In spite of the recent volatility in the public markets, venture investors in biopharma companies are still reaping the rewards when these groups float. However, the rate of returns has dipped since this analysis was last carried out in 2015, and if the IPO scene continues to stagnate it could fall further still.
Nevertheless, there is still a profit to be made, and the latest numbers could reassure any jittery VCs; on average, investors more than doubled their money in the 2013-16 period, and those willing to take a risk on early-stage assets did particularly well, with the biggest bump-ups coming in Phase II (see tables below).
Investors will be keeping a close eye on things, though. The average IPO bump peaked at 221% in 2015 before falling to 141% in 2016, a particularly lackluster year for IPOs by recent standards (Investors in new issues embrace 2016’s new reality, January 24, 2017).
There are signs that things could be picking up in 2017, with Jounce Therapeutics’ $102m float and several other companies waiting to go public. A more buoyant IPO sector this year could help VC returns bounce back.
This analysis of SEC data compiled by EvaluatePharma compares the average share price of VC rounds with the IPO offering price to determine the increase in valuation resulting from a public listing.
It excludes the two top performers, Viking Therapeutics (NASDAQ:VKTX) and Axovant Sciences (NASDAQ:AXON), which had huge bumps of 39,900% and 21,329% respectively. Even without these outliers the numbers are healthy – and unsurprisingly, investors in the groups that managed to raise the most in the public markets were the most handsomely rewarded.
Interestingly, there does not seem to be much of a difference between Phase II and Phase III companies, in terms of bump-up. More surprising was the most successful sector: sensory specialists beat oncology companies to the number-one spot, with the caveat that there were far fewer of the former.
While cancer groups saw a substantial bump, this was not matched by their performance once on the market, suggesting that early enthusiasm about these assets has not always been well placed.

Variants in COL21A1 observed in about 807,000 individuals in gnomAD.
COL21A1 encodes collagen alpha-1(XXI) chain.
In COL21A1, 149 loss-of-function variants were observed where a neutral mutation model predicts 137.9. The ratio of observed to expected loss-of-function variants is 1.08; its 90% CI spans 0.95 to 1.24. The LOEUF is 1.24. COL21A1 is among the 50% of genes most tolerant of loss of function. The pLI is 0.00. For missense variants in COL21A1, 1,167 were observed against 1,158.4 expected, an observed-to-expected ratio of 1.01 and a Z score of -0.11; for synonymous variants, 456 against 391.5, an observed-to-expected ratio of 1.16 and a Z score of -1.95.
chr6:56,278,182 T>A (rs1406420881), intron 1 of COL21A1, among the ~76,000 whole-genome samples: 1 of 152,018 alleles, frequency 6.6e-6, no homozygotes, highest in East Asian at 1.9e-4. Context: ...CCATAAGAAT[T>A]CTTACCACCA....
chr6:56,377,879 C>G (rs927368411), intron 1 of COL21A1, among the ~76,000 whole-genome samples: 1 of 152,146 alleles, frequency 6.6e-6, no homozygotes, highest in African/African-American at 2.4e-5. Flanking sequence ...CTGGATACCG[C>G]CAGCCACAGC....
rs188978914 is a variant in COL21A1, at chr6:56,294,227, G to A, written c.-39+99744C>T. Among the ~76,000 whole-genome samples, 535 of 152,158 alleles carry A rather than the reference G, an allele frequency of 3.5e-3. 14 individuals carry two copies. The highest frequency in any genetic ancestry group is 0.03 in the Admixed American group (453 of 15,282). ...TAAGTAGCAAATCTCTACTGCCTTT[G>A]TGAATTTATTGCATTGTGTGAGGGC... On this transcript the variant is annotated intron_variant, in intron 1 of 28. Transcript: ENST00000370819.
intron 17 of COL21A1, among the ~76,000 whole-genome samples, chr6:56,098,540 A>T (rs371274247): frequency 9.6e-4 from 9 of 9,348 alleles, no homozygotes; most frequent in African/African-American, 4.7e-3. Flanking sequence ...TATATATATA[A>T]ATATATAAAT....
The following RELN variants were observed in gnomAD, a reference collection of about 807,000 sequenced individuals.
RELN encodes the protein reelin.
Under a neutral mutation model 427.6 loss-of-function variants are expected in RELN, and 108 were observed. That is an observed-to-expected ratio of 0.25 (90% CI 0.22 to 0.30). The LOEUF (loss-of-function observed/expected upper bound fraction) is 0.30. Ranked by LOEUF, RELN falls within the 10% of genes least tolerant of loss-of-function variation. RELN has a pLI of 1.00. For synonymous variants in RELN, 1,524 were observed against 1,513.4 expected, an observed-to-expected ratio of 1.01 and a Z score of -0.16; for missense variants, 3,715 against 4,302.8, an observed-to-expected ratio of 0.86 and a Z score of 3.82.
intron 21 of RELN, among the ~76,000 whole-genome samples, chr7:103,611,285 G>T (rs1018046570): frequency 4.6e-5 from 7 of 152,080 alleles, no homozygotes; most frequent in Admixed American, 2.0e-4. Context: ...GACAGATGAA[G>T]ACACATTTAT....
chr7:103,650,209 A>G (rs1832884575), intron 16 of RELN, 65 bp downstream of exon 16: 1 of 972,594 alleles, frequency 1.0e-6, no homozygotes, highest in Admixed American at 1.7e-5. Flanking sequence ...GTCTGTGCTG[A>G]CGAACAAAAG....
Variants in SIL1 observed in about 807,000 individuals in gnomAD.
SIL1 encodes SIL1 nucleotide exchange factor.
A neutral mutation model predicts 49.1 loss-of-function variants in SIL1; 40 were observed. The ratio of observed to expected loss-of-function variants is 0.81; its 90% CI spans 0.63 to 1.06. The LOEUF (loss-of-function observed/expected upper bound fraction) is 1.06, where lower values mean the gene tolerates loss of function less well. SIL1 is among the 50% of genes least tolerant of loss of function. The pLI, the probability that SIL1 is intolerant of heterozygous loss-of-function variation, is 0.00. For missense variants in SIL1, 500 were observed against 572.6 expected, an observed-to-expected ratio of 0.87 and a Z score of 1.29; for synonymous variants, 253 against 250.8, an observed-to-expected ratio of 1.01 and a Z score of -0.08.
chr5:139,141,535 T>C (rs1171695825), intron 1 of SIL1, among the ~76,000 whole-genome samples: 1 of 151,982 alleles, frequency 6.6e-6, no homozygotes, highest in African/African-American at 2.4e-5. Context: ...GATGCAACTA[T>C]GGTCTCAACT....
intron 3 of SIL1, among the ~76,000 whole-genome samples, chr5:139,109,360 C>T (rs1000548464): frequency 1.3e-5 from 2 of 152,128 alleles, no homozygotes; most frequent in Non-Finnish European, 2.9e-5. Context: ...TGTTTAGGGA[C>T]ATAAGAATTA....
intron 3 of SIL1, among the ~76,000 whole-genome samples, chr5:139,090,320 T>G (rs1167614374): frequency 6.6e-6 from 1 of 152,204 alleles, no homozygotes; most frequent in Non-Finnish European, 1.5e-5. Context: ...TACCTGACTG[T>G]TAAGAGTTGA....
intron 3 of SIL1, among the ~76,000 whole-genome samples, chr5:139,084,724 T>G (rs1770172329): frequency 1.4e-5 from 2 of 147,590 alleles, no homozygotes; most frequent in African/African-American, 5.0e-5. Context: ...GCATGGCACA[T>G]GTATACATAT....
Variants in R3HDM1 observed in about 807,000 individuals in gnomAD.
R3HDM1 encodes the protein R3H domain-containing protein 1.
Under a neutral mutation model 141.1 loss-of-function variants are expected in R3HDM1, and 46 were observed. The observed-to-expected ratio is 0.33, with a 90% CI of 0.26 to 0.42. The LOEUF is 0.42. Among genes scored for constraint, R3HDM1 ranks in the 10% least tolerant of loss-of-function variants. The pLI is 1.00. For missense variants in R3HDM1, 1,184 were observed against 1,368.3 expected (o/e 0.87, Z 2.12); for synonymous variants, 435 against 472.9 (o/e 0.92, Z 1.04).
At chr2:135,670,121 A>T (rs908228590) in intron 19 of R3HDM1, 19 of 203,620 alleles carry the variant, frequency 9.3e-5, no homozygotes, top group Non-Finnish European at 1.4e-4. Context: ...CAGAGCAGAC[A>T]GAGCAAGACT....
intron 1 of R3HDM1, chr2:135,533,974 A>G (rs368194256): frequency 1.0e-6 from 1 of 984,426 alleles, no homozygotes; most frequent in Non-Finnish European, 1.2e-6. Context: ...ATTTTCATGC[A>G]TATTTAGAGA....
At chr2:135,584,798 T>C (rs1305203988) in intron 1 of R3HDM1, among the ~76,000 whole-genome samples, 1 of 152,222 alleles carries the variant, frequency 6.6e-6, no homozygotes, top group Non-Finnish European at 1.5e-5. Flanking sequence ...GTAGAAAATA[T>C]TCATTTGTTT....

The three best performers of the past four years all came in the 2015 boom, with Viking, Axovant and Nantkwest (NASDAQ:NK) all showing impressive bump-ups. The last two were largely backed by individual benefactors rather than VC syndicates – but all three have since failed to live up to expectations.
Axovant, which had 2015’s biggest IPO, has suffered from broader setbacks in the Alzheimer’s space. Forecasts for its serotonin antagonist intepirdine seem optimistic, even if the project does ace its ongoing Phase III trial. Anything less could spur a further exodus.
At least early investors in these companies enjoyed a payday. VCs getting in on the ground with Sophiris Bio (NASDAQ:SPHS), Globeimmune (NASDAQ:GBIM) and Scynexis (NASDAQ:SCYX) were not so lucky – and things got even worse once they were publicly trading.
The second quarter of 2015, the last time this analysis was carried out, now looks like the golden period for VCs, who enjoyed an IPO bump of 271% (Biotech bull market boosts IPO bumps, July 9, 2015).
The pullback in valuations across the market last year is apparent here. But it is clear that, for those companies that manage to float, venture firms can still make decent returns. However, an IPO is not an exit, and VCs are frequently required to continue holding substantial stakes. Whether they can make a decent return in the end will depend on longer-term execution.
Editor's Note: This article covers one or more stocks trading at less than $1 per share and/or with less than a $100 million market cap. Please be aware of the risks associated with these stocks.